State Department Extends Closure Of Embassies | WAMU 88.5 - American University Radio

NPR : News

State Department Extends Closure Of Embassies

Update At 4:40 p.m. ET:

State Department spokesperson Jen Psaki says Sunday that the embassy and consulate closures will be extended:

In a statement, Psaki says the decision was taken "out of an abundance of caution" and the it was "not an indication of a new threat stream, merely an indication of our commitment to exercise caution ... to protect our employees."

The statement says:

"Posts in Abu Dhabi, Amman, Cairo, Riyadh, Dhahran, Jeddah, Doha, Dubai, Kuwait, Manama, Muscat, Sanaa, Tripoli, Antanarivo, Bujumbura, Djibouti, Khartoum, Kigali, and Port Louis are instructed to close for normal operations Monday, August 5 through Saturday, August 10.

The following posts that are normally open on Sunday, but were closed on Sunday, August 4, are authorized to reopen for normal operations on August 5: Dhaka, Algiers, Nouakchott, Kabul, Herat, Mazar el Sharif, Baghdad, Basrah, and Erbil."

Here's our earlier post:

Twenty-two U.S. diplomatic posts in the Muslim world remain closed on Sunday amid a global travel warning for Americans issued by the State Department.

U.S. officials are concerned about the possibility of a terrorist attack in the Middle East and Arabian peninsula.

President Obama met on Saturday with his senior security team, led by National Security Advisor Susan Rice.

"The president has received frequent briefings over the last week on all aspects of the potential threat and our preparedness measures," according to a White House statement.

NPR's Dina Temple-Raston tells NPR's Weekend Edition Sunday that the closing of the embassies and consulates is the result of "an increase in ... chatter" picked up electronically and "some intercepts ... from senior officials of al-Qaida".

Dina says there's a couple of possible scenarios:

"[Either] they know something is out there, but they don't know what it is. Or, the more likely scenario is that the U.S. knows the likely target but doesn't want to give clues to ways and methods. ... So, they've provided a broader alert."

She says "there are some clues" that the threat might originate in Yemen or Iraq.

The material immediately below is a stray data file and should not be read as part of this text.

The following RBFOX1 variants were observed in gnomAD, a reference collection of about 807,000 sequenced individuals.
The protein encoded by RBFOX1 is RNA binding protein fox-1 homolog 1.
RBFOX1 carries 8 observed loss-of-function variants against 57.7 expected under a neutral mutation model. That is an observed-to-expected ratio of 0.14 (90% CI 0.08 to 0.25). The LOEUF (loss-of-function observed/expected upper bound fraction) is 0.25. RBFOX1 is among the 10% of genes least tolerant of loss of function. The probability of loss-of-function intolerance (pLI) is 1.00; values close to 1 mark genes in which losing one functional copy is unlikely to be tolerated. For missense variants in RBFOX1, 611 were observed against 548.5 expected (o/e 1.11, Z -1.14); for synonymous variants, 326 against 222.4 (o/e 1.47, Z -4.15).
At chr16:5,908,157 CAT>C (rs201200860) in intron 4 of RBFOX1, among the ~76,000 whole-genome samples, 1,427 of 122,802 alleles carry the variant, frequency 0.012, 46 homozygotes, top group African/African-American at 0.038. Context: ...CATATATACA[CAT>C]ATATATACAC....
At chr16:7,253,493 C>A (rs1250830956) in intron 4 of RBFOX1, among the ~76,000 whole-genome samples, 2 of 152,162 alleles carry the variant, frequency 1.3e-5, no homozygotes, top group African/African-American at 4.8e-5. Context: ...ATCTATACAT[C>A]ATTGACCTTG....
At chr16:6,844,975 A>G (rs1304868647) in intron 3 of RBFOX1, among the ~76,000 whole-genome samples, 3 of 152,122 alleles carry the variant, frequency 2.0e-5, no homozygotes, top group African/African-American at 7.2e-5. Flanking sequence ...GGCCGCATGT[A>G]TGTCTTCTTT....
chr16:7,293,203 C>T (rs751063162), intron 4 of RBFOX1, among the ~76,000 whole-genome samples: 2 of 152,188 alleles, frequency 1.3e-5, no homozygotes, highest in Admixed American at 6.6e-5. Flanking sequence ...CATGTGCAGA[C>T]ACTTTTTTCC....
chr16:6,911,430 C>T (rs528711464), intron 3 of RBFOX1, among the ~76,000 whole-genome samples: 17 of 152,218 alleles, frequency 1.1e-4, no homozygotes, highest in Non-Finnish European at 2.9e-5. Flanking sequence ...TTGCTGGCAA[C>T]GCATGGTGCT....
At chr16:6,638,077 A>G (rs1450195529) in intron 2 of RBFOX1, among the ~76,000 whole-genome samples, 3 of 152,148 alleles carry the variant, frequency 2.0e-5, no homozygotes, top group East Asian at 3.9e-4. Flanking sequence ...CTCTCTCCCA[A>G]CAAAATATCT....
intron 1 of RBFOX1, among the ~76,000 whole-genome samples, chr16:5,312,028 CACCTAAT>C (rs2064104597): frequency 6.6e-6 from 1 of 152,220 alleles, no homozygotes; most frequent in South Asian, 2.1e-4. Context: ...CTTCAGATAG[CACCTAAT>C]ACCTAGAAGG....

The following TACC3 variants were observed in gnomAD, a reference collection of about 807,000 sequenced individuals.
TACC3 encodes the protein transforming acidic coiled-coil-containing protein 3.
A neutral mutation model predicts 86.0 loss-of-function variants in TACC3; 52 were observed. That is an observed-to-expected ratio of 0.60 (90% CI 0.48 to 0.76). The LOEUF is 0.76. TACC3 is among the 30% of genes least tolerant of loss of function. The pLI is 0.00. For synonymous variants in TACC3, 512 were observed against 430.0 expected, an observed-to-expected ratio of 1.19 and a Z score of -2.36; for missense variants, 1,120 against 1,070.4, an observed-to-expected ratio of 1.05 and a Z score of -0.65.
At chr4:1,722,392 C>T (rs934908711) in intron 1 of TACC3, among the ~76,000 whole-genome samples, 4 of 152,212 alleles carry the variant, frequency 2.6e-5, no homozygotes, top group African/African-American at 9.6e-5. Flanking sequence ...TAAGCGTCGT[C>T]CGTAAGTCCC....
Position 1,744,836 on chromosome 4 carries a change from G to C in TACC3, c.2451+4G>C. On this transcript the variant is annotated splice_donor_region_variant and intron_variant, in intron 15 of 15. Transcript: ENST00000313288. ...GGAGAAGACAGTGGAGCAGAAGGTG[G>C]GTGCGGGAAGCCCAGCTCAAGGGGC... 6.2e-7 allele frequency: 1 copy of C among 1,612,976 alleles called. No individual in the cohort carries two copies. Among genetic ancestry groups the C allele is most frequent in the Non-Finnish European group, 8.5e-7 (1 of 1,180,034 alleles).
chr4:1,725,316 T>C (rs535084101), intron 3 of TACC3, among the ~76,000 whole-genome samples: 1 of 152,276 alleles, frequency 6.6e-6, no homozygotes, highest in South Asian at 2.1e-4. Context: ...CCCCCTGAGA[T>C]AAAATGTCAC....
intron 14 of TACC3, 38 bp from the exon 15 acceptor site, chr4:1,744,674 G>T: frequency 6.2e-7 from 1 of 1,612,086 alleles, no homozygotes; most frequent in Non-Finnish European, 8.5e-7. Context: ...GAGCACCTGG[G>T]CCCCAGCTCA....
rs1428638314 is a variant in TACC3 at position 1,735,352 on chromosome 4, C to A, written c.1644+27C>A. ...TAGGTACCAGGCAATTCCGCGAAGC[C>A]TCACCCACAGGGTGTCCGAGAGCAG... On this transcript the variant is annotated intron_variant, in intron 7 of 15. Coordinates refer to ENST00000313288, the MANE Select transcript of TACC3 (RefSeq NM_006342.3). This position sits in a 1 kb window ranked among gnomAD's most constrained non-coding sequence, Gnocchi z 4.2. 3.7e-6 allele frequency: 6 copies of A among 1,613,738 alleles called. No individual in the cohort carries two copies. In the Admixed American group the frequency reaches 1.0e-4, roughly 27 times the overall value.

"U.S. allies have closed their embassies in Yemen and the al-Qaida affiliate in Yemen is considered one of the most dangerous," she notes.

"The other possibility is Iraq," noting that the U.S. just closed another consulate there. "Al-Qaida's affiliate in Iraq, which is thought to have been behind these prison breaks last month that freed hundreds of operatives is really sort of getting more muscular and it's possible they may have decided to turn to international targets."

Copyright 2013 NPR. To see more, visit http://www.npr.org/.

NPR

Picasso, Nazis And A Daring Escape In 'My Grandfather's Gallery'

As a little girl, Anne Sinclair knew Pablo Picasso. She talks with NPR's Scott Simon about why she didn't want the master to paint her picture, and her new memoir, My Grandfather's Gallery.
NPR

Syrup Induces Pumpkin-Spiced Fever Dreams

Hugh Merwin, an editor at Grub Street, bought a 63-ounce jug of pumpkin spice syrup and put it in just about everything he ate for four days. As he tells NPR's Scott Simon, it did not go well.
NPR

Texas Gubernatorial Candidates Go The Border To Court Voters

Republicans have won every statewide office in Texas for 20 years, but the growing Hispanic population tends to vote Democrat, and the GOP's survival may depend on recruiting Hispanic supporters.
NPR

Tech Week: Smartphone Privacy, Cyberstalking, Alibaba's Big Debut

Chinese e-commerce giant Alibaba makes the biggest debut on the NYSE ever. The details, and the other tech stories that piqued our interest, are in this week's roundup.

Leave a Comment

Help keep the conversation civil. Please refer to our Terms of Use and Code of Conduct before posting your comments.